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"Possession in Death"
by J.D. Robb
Series: In Death #31.5
Other books in this series include The Other Side.
Other books by this author that I've reviewed include Treachery in Death, Kindred in Death, The Other Side, New York to Dallas, Unquiet, Celebrity in Death, Delusion in Death, Calculated in Death, Thankless in Death, Mirror, Mirror, Festive in Death, Obsession in Death, Betrayal in Death, "Wonderment in Death", Down the Rabbit Hole, "Midnight in Death", Devoted in Death, Brotherhood in Death, Apprentice in Death.
Genres: Romantic Suspense
This short story falls in at 31.5 in the In Death romantic suspense series revolving around Lieutenant Eve Dallas, an NYPSD Homicide cop, and her gorgeous husband, Roarke.
I so appreciated the satisfying ending to the arrests in Indulgence in Death, 31. At least those jerks will get to spend a long time without their indulgent lifestyles. It’s not enough though for Eve, and I doubt it would ever be enough for anyone who loses a loved one.
The In Death series is a terrifying blend of the fear and the terror of murder in so many possibilities, certainly more than I could ever imagine. I so appreciate how Robb’s stories balance these horrors with joy and tears, fears and laughter, and the every day snark of life. And “Possession in Death” is no exception as the Romany magic of possession takes hold of Eve. The murder that leads to this possession is a nightmare for Eve, one that Robb finds the funny side with in the proof of possession being Eve knowing how to cook goulash, lol. Roarke adores Eve, but they both know her, um, weak areas, *more laughter*.
I do enjoy Dallas’ relationships, from the supportive and loving one she has with Roarke — I love that the super-capable billionaire is still trying to conquer the grill! — to the adversarial snarking with Summerset to her fellow cops and her partner, Dr. Mira’s motherliness, Morris’ quiet humor… I also have to laugh at Dallas’ fears. That baby Bella throws her for such a loop…or should I say slooch?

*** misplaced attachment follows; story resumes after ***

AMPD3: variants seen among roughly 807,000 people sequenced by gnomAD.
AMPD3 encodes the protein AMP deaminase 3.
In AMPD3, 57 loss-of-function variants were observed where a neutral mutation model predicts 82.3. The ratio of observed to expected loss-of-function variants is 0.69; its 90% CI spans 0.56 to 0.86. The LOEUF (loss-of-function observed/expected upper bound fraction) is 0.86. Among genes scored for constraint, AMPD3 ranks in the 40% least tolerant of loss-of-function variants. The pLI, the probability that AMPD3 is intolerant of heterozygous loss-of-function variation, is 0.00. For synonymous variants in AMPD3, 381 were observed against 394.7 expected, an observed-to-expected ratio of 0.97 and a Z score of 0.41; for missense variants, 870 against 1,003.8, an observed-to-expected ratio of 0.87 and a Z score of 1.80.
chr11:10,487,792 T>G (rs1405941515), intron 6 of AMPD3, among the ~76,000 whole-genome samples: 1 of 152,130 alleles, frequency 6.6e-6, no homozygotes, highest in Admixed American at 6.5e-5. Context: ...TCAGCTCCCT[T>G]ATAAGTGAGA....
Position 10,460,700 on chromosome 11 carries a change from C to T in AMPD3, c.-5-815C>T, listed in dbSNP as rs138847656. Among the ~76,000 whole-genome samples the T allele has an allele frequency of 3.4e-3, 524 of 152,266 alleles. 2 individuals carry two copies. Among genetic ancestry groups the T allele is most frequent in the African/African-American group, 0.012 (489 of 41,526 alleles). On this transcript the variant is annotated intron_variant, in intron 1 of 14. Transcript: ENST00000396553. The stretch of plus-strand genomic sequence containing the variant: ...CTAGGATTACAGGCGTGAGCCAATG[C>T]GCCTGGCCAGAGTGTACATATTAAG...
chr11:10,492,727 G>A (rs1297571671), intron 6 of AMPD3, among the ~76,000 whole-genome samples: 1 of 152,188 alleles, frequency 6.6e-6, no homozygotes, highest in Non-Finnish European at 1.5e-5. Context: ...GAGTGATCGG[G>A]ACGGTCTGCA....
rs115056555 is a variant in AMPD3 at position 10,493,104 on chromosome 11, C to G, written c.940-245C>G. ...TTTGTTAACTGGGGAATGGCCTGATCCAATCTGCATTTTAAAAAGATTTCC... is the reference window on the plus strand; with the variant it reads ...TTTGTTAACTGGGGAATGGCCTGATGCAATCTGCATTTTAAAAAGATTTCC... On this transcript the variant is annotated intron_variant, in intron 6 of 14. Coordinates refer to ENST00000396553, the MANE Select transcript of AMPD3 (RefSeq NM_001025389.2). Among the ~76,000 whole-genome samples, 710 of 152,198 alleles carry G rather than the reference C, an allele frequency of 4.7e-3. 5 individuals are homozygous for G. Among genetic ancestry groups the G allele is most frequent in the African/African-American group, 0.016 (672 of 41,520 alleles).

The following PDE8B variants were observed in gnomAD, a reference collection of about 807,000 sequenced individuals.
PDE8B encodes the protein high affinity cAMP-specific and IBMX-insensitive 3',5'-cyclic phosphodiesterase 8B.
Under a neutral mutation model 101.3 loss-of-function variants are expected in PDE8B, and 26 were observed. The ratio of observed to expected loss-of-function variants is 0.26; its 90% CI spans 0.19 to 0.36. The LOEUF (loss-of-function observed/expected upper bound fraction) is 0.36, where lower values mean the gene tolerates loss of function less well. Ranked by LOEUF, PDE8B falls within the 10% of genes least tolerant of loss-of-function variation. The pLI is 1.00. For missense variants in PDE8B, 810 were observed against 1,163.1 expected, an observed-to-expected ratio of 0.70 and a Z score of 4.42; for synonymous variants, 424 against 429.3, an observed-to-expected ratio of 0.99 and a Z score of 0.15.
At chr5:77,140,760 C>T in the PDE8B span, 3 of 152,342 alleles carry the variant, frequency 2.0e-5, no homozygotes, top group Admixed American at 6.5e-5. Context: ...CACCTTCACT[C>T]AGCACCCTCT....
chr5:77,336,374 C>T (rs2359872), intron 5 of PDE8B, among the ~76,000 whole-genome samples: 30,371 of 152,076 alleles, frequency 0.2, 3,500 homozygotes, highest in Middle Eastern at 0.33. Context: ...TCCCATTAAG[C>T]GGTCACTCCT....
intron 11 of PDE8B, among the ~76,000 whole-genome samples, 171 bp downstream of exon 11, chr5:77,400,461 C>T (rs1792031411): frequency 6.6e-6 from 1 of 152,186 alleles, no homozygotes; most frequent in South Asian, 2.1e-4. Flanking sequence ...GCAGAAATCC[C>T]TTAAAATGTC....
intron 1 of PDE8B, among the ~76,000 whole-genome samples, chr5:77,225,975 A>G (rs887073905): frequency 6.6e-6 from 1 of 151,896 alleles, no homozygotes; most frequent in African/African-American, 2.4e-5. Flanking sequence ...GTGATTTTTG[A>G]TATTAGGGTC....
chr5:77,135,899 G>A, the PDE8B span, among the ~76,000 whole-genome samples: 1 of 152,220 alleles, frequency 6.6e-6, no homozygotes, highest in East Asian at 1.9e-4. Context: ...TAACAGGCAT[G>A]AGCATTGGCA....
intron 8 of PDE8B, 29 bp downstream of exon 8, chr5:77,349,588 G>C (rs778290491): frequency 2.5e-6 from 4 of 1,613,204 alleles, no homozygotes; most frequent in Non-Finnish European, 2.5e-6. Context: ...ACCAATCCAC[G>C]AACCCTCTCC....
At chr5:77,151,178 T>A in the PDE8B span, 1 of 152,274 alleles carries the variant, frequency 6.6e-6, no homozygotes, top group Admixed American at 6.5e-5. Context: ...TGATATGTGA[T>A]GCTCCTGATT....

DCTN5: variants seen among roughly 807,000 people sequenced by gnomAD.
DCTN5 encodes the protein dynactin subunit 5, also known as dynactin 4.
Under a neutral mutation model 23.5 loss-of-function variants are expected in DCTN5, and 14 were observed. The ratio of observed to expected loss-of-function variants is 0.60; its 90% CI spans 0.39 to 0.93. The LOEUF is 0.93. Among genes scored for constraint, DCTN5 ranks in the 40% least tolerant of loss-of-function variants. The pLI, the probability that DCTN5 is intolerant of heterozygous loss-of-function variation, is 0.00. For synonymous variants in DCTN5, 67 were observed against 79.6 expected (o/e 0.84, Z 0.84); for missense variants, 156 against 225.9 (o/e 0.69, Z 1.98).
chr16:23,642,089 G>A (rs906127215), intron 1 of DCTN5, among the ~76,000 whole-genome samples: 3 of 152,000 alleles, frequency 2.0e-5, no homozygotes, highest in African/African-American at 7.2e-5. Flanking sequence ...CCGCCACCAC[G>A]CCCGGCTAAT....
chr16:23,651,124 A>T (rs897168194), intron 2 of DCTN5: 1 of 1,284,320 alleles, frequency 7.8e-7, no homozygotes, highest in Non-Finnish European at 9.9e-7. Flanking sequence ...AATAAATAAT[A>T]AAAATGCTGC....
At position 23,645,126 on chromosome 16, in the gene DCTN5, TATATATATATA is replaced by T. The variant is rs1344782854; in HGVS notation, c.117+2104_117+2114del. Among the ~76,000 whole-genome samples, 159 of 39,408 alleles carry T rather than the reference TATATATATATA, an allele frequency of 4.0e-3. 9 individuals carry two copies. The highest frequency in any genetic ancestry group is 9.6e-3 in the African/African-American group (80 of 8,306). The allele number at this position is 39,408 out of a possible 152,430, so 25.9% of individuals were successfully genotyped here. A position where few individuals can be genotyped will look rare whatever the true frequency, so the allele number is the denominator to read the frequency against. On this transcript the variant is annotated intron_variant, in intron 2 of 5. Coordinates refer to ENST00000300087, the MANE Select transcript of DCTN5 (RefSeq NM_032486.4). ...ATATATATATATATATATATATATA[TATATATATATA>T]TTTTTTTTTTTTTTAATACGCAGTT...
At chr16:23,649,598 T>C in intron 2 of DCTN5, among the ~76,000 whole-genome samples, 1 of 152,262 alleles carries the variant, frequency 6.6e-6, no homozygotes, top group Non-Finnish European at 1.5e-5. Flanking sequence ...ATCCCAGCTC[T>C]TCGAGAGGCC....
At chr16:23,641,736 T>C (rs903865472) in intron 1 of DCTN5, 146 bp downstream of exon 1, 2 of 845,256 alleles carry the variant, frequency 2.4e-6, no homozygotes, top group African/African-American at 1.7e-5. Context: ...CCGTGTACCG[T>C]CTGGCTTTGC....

Nadine makes a lovely comment about the people at the picnic, that Dallas and Roarke always bring together the most interesting people at their parties. It’s a beautiful moment, but I hafta confess I got a laugh when Feeney then Dennis Mira find out about the whipped cream, shortcake, and pie and abandon Eve.
It’s a unique blend of life and death, and Robb makes good use of this series to raise those questions any cop or soldier must ask themselves, if they’re as bad as those they hunt, if they take joy in the killing or in making society that tiny bit safer.
It starts with regret and anger that Roarke soothes as they head down to the barbecue Eve arranged for Morris. He may be coming to terms with his grief for Amaryllis, but Li still has a way to go.
It’s that worry Eve has for Li that finds her driving Father Lopez home only to be interrupted by a dying Romanian woman whose words send a chill down Lieutenant Eve Dallas’ spine. And soon Roarke notices some interesting side-effects in the Lieutenant: fluency in Russian and a peacock tattoo.